Being afraid to “try” something new and not being able to do it right is also a natural part of behaviour. The issue that makes this condition so difficult to deal with is that there isn’t a commonly accepted definition of failure that we can study and use to determine the value of an individual’s performance. Take for example a trampolinist who while in competition executes a good enough routine to acquire qualifying scores but feels unhappy about his performance. Does this athlete have a good reason to feel like he has failed? Based on this example, it is impossible to tell. Perhaps he knows that his execution could be better, or that he could have done more to maintain his height to the end of his routine; all of these may be valid arguments for his perception of failure. What this tells us is that failure is determined only by the meaning it has to the individual. We more often than not fear not meeting our own expectations. As I’ve said before, these are not circumstances that should be taken lightly. The best way to deal with a general fear of failure is through clear communication about the expectations an athlete has from his training and from himself. It is not advisable to measure the complexity of this fear with a general rule.
4 Fear of failure- external expectations
Outside of expecting a certain level of performance from ourselves, we are often aware of the potential others see in us. This fear can be quite debilitating as it plays on our need to maintain healthy and strong circles of sentiments with those close to us. Most of us don’t want to let our friends and family down. Similarly, this condition is best dealt through communication. However, the psychology of parental expectations is very complex; I would not advice that a coach, in any discipline, tell the parent of an athlete not to expect particular success from their child, but that the expectations of the athlete, their training, and the relationship of these to progress needs to be a constant topic of communication.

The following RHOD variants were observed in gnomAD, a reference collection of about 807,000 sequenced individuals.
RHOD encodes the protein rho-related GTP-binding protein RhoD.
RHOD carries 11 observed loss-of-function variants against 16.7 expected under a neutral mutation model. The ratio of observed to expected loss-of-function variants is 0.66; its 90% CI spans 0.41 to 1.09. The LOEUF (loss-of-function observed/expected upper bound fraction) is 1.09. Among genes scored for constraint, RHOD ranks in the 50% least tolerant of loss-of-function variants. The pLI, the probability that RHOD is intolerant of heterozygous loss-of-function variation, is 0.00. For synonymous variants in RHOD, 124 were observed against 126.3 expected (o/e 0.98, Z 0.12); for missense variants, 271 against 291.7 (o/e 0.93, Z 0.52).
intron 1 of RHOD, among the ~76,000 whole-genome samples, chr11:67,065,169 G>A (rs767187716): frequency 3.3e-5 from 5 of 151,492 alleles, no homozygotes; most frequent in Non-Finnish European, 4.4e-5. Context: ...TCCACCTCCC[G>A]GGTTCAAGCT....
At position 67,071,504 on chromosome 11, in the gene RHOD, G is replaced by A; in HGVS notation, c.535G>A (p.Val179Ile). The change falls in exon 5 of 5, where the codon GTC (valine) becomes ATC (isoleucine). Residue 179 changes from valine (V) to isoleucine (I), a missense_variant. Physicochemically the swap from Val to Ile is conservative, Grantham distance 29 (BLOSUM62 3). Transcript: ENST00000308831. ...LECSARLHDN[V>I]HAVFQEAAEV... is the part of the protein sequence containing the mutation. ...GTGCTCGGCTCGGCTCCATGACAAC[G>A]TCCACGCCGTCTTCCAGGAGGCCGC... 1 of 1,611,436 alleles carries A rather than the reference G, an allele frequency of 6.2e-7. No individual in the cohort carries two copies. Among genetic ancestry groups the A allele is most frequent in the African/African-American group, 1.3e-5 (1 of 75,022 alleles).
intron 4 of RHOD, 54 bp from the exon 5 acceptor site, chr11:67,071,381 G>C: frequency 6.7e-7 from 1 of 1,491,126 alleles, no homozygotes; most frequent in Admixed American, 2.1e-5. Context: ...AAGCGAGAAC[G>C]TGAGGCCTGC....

5 Fear of being afraid
Fear of fear itself sounds like a redundant and cheesy way of explaining away weakness. But we know that fear is an essential, almost vital response to possible emotional and physical danger. This response usually manifests in avoidance of the object of our fears: if we fear heights, we stay low; if we fear speed, we move slow; and logically if we fear Fear, we move away from it. This condition has been the reason for many wonderfully talented athletes to abandon their training. The phrase “I don’t want to be afraid anymore” was to me all too common in my years working with the Regional Bahavioural Team of the board of education (RBT). This statement was made by kids and young adults who suffered from several of the phobias mentioned in this paper. Some of them had failed in various aspects of life because of them.
In conclusion I would advise all coaches to maintain the lines of communication open, and to pay close attention to what their athletes are saying at all times. Human beings are afraid of many things – this is natural – and showing their fear in one way or another is also part of this natural process. As coaches and educators it is part of our job to look at behaviour and to do the best with the feedback our kids are constantly giving us.
By Coach Jose (A.K.A. Peyton Dracco), for Pulsars Gymnastics